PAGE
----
Iran Enriches Uranium for the First Time
Ali Akbar Dareini, AP:
Iran has successfully enriched uranium for the first time, a major development in its quest to develop nuclear fuel, former President Hashemi Rafsanjani said Tuesday.
Current President Mahmoud Ahmadinejad added that the country "will soon join the club of countries with nuclear technology." READ MORE
The U.N. Security Council has demanded that Iran stop all uranium enrichment activity by April 28. Iran has rejected the demand, saying it has a right to develop the process.
The comments by the Iranian officials came as the head of the U.N. nuclear watchdog agency, Mohammed ElBaradei, was due to visit Tehran this week for talks on the nuclear standoff.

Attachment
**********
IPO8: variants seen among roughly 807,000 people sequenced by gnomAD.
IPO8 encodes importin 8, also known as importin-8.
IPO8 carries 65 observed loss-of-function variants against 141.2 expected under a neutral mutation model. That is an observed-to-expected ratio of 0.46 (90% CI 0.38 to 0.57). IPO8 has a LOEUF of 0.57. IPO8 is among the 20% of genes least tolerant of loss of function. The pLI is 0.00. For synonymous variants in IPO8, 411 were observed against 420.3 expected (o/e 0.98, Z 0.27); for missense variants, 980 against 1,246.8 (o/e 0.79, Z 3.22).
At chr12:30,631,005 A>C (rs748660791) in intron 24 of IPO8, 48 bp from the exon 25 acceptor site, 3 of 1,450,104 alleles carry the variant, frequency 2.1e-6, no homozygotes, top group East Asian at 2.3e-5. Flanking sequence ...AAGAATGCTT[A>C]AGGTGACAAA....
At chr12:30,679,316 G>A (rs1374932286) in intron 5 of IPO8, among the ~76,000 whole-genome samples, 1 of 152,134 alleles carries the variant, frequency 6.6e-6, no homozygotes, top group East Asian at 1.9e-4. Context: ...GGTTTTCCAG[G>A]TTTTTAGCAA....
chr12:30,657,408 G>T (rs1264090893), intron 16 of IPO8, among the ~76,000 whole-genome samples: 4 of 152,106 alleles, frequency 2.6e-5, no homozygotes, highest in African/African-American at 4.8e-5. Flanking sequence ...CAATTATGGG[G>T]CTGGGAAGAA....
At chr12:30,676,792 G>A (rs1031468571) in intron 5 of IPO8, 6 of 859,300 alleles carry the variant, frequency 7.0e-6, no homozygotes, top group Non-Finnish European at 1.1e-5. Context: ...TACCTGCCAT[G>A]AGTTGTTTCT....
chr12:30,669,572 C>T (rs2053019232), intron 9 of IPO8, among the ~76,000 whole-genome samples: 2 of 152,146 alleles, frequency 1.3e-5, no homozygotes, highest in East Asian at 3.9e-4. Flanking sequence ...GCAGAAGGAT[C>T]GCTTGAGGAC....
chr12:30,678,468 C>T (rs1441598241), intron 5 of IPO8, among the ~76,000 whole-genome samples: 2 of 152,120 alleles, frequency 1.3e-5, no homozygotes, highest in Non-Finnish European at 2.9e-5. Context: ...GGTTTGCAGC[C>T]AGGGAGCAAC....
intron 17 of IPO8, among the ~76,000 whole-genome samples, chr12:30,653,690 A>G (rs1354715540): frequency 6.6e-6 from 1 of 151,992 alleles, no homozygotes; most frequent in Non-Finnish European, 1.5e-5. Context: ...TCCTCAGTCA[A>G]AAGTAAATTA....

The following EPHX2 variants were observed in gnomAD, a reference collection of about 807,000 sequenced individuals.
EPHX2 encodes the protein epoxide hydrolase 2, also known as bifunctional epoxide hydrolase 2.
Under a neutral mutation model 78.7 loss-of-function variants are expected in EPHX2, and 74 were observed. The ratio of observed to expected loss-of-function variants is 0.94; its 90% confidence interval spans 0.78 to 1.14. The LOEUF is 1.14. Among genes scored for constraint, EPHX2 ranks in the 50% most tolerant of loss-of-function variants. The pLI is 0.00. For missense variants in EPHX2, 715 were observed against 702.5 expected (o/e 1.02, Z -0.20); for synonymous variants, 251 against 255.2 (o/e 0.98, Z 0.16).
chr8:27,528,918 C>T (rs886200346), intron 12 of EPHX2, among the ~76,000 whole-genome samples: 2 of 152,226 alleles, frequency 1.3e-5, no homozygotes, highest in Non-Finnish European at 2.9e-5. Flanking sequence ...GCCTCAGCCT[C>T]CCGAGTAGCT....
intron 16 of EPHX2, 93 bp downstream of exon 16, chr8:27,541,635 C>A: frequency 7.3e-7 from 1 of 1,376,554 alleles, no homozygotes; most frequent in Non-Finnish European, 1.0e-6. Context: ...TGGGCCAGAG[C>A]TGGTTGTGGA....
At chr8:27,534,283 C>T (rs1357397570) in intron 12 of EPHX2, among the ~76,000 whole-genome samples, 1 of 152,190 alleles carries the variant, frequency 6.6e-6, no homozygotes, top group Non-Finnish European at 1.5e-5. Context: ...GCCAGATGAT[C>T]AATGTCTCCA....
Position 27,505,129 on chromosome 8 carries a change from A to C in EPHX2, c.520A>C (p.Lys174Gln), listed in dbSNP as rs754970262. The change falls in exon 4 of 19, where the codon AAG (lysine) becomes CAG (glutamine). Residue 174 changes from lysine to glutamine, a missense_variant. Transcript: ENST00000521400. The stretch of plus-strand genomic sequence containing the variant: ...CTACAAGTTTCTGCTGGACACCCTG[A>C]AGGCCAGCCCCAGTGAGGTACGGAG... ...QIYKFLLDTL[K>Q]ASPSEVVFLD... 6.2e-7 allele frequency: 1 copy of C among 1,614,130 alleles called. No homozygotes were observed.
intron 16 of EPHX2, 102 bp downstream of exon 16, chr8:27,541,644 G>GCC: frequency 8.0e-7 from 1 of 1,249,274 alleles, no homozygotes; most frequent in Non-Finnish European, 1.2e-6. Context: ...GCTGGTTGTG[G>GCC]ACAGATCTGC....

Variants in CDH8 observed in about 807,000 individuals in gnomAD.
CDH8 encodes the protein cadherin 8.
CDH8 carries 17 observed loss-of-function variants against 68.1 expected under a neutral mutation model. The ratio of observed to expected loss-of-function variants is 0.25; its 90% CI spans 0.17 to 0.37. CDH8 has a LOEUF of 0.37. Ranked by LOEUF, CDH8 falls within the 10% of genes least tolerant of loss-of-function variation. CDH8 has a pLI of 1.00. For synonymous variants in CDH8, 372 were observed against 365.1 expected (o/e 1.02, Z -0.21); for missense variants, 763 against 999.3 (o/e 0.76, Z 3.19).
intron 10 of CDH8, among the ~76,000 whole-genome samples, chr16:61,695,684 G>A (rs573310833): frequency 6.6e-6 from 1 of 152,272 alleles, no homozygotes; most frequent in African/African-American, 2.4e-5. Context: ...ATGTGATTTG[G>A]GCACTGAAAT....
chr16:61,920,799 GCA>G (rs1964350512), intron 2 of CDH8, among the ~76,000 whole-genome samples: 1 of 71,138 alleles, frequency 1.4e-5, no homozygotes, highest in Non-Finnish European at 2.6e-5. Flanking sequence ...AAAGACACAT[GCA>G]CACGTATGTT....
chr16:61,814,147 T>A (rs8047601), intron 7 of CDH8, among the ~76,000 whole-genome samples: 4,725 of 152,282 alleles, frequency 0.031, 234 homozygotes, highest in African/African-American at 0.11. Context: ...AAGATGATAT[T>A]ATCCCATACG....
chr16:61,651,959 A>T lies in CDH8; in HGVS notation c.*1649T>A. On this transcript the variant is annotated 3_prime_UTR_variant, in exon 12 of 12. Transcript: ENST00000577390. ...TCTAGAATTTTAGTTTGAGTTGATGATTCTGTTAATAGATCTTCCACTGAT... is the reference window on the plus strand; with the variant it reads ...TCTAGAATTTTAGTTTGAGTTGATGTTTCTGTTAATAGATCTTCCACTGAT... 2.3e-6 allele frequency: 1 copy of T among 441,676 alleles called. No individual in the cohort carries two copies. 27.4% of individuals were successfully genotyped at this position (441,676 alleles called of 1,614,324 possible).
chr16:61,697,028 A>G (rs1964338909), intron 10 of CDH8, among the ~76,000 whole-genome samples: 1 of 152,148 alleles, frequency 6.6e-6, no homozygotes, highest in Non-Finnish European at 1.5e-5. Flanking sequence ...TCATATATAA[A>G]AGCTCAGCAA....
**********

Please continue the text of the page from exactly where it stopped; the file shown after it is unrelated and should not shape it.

Officials with his International Atomic Energy Agency have said he is hoping to win at least partial concessions from Iran. IAEA inspectors are currently in Iran visiting two key facilities.
Speaking to a crowd in northeastern Iran, Ahmadinejad was quoted by state television as saying, "Enemies can't dissuade the Iranian nation from the path of progress that it has chosen."
Iran's nuclear chief, Vice President Gholamreza Aghazadeh said Iran has produced 110 tons of uranium gas, the feedstock for enrichment. The amount is nearly twice the 60 tons of uranium hexaflouride, or UF-6, gas that Iran said last year that it had produced.
Aghazadeh made the announcement during a nationally televised speech in the northeastern city of Mashhad, attended by top military commanders and lawmakers.
Ahmadinejad had been expected to announce the successful uranium enrichment Tuesday in a nationally televised speech. But Rafsanjani - head of the powerful Expediency Council, a key governing body - released the news first in an interview with the Kuwait News Agency in Tehran. Soon after, the Expediency Council confirmed the announcement.